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Angels 7, Red Sox 5

Red Sox cough one up to Angels

Masterson sharp in debut, but bullpen can't hold lead

Email|Print|Single Page| Text size + By Gordon Edes
Globe Staff / April 25, 2008

This, remember, was not an audition, but a response to a flu-driven emergency. The Red Sox needed a pitcher, and Justin Masterson, the 23-year-old missionary kid pitching in Double A Portland, received the summons. Praise the Lord and pass the ammunition.

Pitching against one of the deepest lineups in the American League, Masterson was inspiring, holding the Angels to two hits in six innings, one of them Mike Napoli's wind-aided home run over the Sox bullpen, a big-league debut even more impressive than the one Clay Buchholz made against the Angels eight months ago. No Sox rookie since Billy Rohr, who threw a one-hitter in 1967, had held a team to two or fewer hits while pitching at least six innings in his debut.

Like Buchholz, who threw a no-hitter in his second start, there is little doubt that Masterson, who was filling in for the ailing Daisuke Matsuzaka, will be back, sooner than later. "He did a tremendous job with his composure throwing strikes," general manager Theo Epstein said. "We're proud of him. We couldn't have asked for more from him today."

But once the afternoon shadows deepened, the day took a dive from the divine, the Sox bullpen giving up six runs in the last three innings in a 7-5 loss that rendered David Ortiz's two-run home run in the ninth just a loud but empty shout for 37,848 in Fenway Park.

"I overheard Javier Lopez talking about how Masterson came in out of the blue and threw six great innings," said Manny Delcarmen. "We wanted to finish it off for him, but it didn't happen today."

Lopez, Delcarmen, and ultimately Hideki Okajima combined to give back the 3-1 lead Masterson left with during a seventh inning in which seven straight Angels reached on four singles and three walks, one intentional. Lopez was first and walked Casey Kotchman and gave up a ground-ball single to Maicer Izturis. Delcarmen, pitching for the first time since being dropped by the flu bug that took root in the Sox clubhouse, threw six straight balls, walking Napoli to load the bases, and giving up an infield hit to Erick Aybar that made it 3-2.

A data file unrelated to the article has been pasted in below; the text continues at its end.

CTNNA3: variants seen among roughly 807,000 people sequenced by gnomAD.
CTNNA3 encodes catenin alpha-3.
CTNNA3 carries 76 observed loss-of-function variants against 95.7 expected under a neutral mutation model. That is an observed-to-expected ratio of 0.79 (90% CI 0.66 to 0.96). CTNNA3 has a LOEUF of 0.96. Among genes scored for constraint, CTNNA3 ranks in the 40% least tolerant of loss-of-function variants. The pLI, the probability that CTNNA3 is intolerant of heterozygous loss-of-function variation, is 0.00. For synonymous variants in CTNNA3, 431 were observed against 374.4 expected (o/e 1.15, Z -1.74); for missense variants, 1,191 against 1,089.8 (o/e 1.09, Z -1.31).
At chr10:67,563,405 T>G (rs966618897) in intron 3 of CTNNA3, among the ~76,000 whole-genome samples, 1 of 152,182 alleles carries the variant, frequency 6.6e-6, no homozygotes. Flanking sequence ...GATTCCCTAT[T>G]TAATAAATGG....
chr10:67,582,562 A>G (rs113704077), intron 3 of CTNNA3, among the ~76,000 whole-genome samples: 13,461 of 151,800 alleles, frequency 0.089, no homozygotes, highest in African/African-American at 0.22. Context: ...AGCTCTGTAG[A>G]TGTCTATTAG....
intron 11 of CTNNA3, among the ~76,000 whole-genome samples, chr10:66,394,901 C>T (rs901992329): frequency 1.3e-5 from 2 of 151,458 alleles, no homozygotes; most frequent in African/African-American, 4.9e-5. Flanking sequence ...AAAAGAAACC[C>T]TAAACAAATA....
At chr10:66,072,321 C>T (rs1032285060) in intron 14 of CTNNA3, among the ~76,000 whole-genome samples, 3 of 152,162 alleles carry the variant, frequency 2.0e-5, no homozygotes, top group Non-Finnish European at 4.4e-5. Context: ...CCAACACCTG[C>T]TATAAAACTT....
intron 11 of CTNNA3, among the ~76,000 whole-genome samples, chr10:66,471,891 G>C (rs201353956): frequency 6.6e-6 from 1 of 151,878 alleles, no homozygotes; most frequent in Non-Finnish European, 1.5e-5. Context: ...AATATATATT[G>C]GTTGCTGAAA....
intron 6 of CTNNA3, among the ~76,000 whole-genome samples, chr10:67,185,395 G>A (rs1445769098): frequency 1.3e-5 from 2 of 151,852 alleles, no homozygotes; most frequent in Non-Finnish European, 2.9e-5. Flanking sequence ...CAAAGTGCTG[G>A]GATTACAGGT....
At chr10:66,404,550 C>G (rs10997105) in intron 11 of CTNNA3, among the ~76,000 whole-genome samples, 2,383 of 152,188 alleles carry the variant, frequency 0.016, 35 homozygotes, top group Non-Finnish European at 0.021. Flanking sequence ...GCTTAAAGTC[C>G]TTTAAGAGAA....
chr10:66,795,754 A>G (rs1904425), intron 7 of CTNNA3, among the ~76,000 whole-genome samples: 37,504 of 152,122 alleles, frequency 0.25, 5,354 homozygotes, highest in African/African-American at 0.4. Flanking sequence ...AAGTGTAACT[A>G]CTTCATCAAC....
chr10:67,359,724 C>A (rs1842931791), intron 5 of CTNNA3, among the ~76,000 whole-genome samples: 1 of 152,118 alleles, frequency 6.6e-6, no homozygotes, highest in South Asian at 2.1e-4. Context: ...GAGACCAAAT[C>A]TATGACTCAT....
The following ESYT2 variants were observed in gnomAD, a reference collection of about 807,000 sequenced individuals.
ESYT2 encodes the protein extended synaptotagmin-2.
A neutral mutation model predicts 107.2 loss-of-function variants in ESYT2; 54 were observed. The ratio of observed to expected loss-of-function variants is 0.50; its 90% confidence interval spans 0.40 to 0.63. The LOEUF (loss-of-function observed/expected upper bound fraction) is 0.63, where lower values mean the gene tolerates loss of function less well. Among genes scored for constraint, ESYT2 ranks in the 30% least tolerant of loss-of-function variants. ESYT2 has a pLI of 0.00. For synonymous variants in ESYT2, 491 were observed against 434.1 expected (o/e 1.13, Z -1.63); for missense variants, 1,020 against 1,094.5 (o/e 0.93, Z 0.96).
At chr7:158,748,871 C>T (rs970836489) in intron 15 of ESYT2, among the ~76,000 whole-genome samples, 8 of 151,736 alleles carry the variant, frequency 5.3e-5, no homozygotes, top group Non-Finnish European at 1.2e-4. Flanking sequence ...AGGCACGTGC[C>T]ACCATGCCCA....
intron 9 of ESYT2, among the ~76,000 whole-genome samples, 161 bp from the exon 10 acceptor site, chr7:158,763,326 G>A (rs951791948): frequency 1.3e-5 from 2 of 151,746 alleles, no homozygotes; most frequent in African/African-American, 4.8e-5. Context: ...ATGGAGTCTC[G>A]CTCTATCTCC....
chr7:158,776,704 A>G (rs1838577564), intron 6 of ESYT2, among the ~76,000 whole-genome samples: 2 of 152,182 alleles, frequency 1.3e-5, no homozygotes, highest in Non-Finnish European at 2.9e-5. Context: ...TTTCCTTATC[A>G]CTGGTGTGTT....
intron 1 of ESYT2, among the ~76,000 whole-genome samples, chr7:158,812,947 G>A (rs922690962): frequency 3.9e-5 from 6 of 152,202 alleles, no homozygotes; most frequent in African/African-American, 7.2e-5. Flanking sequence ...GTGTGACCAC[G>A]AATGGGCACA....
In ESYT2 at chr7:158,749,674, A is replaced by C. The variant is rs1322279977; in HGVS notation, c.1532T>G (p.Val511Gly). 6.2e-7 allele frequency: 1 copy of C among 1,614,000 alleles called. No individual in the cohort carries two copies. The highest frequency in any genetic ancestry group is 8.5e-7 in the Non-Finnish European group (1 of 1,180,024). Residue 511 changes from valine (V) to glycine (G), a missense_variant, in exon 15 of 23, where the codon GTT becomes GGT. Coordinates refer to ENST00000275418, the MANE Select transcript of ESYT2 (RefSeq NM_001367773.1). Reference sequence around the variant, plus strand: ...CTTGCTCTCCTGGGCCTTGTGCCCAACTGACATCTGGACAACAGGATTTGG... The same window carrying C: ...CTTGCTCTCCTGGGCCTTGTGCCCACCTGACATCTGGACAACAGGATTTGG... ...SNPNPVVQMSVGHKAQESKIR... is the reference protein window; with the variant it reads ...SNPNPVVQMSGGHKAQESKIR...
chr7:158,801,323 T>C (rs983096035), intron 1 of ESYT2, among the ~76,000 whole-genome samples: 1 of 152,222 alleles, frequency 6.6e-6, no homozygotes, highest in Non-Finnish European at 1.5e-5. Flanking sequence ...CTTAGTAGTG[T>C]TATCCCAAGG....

Fully healthy, Delcarmen could have been expected to start the seventh. Terry Francona wasn't sure he was up to the task, and events proved his fears were warranted.

"Warming up I was a tad dizzy," Delcarmen said. "I was hoping to get through it."

Okajima, who was pitching for only the second time since April 15 and had given up a home run to Kotchman in Tuesday's 7-6 win, inherited a nigh-impossible situation: a run in, bases loaded, no outs, and the top of the Angels order coming up.

There would be no miraculous escape. Chone Figgins roped a single to right to tie it, and Gary Matthews Jr. skidded a ground ball up the middle that scored two more.

The Angels would tack on two more late runs. Aybar beat out a bunt single in the eighth that Jed Lowrie couldn't handle cleanly at third, and scored on a double by Matthews off David Aardsma. Garret Anderson scored in the ninth after he singled, stole second, and took third on a passed ball before Izturis's sac fly.

The Sox, with Coco Crisp returning to the lineup for the first time in nine days and driving in two runs with an infield out and an RBI double, took a 3-0 lead against Angels lefthander Joe Saunders, who also went six. But they didn't score again until Ortiz hit his fourth home run and second in two games, this one off Scot Shields in the ninth.

The back-to-back victories gave the Angels, who have been swept by the Sox in the playoffs in each of Boston's last two World Series years, some encouragement that another October rendezvous might have a different outcome.

"We are able to pressure teams in a lot of ways," manager Mike Scioscia said. "We're swinging the bats much closer to what we expected than we did in the playoffs last year . . . When we are playing well, we can play with any team that's out there."

The Sox, who had won the first five games of this homestand after winning the finale of a two-game set in New York, dropped the final two, despite three more hits from Manny Ramírez (.455 over his last dozen games) and another base hit from Dustin Pedroia, who began the day as the American League's leading hitter - before being supplanted by Ramírez - and extended his hitting streak to 13 games, matching the longest in the majors, with a third-inning single. They'll be gone just briefly, for a three-game set against the improved Rays, before returning home next week for six games against the Blue Jays and Rays.

They'll consider it a "W" just to have more healthy bodies for the weekend.

Jason Varitek, for one, said he expects to return this weekend, though with Tim Wakefield pitching tonight, Kevin Cash will be behind the plate for the fifth straight game.

"It was good to get on the field and warm some guys up," said Varitek, his voice still not at full strength. "I haven't done anything in a week. This was the best morning I had. It took all day just to get to walking speed."

Delcarmen, who took the loss after not being involved in a decision in 64 straight appearances dating to Aug. 31, 2006, reminded folks this won't be his last chance at protecting a win for Masterson.

"I'm pretty sure he'll be back," he said, "and we'll be giving the ball to Papelbon with a 2-1 lead."

Gordon Edes can be reached at edes@globe.com.

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